FOXBORO, Mass. — Early in Jason McCourty’s postgame media scrum Thursday night, he was asked about the second-quarter touchdown he allowed to Philadelphia Eagles wide receiver Shelton Gibson.
Before the veteran cornerback could answer, another, nearly identical voice chimed in from a few lockers over.
“Mhmm, I told you, you’re in Boston now,” the voice said. “(Expletive) different.”
The voice was McCourty’s twin brother, Devin. As someone who’s played under the region’s harsh sporting spotlight for nearly a decade, Devin wasn’t surprised that one of the first questions Jason received was about his biggest in-game mistake.
Welcome to New England.
Thursday’s game, which New England won 37-20, was Jason McCourty’s first with the Patriots, the team he joined via trade five months ago. He sat out last week’s preseason-opening win over the Washington Redskins and didn’t start against the Eagles, but he was on the field for the majority of the first half.
McCourty relieved starting corner Eric Rowe after the Patriots’ first defensive series. He played opposite Stephon Gilmore for one possession, then teamed up with Rowe later in the half while Gilmore, a locked-in starter, watching from the sideline.
New England’s No. 2 cornerback to begin the season almost certainly will be either Rowe or McCourty. The former has received the vast majority of first-team reps since training camp began last month, but both have fared well in practice.
McCourty’s Patriots debut was a largely uneventful affair, save for one highly visible miscue. With the Eagles facing a third-and-goal from the 4 midway through the second quarter, McCourty bit on a slant by Gibson, leaving him flat-footed when the wideout broke outside.
Quarterback Nate Sudfeld immediately spotted the error and floated a pass over McCourty’s head for an easy six points.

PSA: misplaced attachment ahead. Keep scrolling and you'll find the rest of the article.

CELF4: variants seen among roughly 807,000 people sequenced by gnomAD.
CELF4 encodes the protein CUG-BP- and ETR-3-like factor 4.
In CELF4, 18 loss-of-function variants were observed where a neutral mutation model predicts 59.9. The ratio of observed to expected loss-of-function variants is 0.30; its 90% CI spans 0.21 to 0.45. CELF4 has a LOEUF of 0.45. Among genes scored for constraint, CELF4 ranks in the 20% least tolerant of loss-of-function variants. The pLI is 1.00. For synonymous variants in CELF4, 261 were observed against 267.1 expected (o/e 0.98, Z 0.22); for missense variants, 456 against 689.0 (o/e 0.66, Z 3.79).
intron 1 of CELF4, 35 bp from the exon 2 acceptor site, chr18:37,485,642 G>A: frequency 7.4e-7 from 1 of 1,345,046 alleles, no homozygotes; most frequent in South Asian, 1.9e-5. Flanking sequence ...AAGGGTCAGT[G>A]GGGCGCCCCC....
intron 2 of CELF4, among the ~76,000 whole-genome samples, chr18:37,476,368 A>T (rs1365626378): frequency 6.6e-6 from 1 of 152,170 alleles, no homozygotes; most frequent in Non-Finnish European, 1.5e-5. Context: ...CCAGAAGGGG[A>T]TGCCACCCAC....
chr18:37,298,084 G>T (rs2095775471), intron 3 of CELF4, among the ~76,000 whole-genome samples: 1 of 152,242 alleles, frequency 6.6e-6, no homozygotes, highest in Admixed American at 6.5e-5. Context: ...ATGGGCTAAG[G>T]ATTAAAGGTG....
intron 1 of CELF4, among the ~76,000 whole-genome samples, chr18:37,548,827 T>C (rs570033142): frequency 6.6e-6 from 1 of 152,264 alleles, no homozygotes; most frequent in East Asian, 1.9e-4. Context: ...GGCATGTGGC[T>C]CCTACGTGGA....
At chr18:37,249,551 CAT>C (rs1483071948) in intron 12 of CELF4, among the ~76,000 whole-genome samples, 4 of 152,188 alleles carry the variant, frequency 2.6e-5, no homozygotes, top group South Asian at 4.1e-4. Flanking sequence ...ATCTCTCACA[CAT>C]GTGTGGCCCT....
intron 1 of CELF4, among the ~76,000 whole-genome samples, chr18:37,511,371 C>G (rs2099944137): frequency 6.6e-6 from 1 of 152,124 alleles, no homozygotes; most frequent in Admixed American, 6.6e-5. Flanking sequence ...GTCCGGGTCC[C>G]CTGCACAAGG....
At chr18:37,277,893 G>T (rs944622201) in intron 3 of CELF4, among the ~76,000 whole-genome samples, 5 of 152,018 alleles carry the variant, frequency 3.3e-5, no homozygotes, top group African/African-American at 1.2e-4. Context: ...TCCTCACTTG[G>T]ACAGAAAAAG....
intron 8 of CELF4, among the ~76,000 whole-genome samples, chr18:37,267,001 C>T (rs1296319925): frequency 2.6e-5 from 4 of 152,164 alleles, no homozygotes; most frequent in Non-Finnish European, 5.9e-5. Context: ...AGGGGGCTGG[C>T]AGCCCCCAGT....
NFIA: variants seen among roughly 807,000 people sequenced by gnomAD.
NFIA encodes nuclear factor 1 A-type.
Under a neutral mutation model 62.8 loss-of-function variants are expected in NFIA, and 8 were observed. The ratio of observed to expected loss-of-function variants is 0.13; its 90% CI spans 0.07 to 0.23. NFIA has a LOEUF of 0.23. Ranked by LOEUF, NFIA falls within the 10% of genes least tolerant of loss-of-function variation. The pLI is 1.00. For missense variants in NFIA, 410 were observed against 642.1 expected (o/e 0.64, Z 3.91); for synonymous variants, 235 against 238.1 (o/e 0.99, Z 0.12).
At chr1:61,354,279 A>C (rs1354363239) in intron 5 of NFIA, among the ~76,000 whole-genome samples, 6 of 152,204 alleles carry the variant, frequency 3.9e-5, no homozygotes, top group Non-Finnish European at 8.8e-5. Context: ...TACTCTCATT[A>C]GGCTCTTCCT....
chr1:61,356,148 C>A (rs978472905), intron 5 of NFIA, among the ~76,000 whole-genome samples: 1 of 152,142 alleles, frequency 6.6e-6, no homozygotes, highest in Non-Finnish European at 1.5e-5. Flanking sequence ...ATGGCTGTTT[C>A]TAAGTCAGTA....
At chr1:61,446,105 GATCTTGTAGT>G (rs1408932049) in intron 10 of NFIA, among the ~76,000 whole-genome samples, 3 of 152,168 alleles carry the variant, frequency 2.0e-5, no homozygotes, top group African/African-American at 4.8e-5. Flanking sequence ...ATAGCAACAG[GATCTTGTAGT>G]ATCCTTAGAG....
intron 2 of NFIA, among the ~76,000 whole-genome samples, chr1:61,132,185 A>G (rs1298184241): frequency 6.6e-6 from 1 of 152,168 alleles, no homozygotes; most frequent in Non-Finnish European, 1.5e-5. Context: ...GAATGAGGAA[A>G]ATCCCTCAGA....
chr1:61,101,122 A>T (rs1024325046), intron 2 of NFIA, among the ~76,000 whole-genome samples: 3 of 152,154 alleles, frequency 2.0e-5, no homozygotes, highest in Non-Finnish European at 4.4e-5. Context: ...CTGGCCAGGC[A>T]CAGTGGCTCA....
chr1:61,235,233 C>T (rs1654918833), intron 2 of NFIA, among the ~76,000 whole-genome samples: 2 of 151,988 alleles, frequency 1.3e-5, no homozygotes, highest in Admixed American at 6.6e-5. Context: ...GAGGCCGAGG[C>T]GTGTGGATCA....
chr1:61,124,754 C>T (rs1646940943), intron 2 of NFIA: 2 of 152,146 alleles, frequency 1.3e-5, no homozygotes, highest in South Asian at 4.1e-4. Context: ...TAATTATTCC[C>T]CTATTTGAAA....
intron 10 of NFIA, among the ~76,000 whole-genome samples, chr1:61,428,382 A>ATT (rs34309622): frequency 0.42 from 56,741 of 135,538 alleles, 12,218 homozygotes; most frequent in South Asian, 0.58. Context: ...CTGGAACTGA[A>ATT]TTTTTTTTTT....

That touchdown was the only reception McCourty allowed in the game. He was targeted just twice and did not record a tackle.
“I’ve just got to make that play, got to do better,” he said. “(Gibson) ran an inside move, (and) I broke hard to it. Just got to do a better job of staying on my man and being able to get a hand in there to try to make a play.”
Thursday’s game was the first the McCourty twins had played together since Jason’s final year at Rutgers in 2008. He spent eight seasons with the Tennessee Titans and one with the Cleveland Browns before finally reuniting with his brother earlier this year.
“It is a great feeling getting to run off the field together,” Jason McCourty said. “It is not so much game days right now, but more times throughout the week where we get to walk out to the practice field together or even being able to talk about family issues. It is great to have our connection and be so close. He even is my Uber driver to the games, as well, which works out pretty well.”
Thumbnail photo via David Butler II/USA TODAY Sports Images
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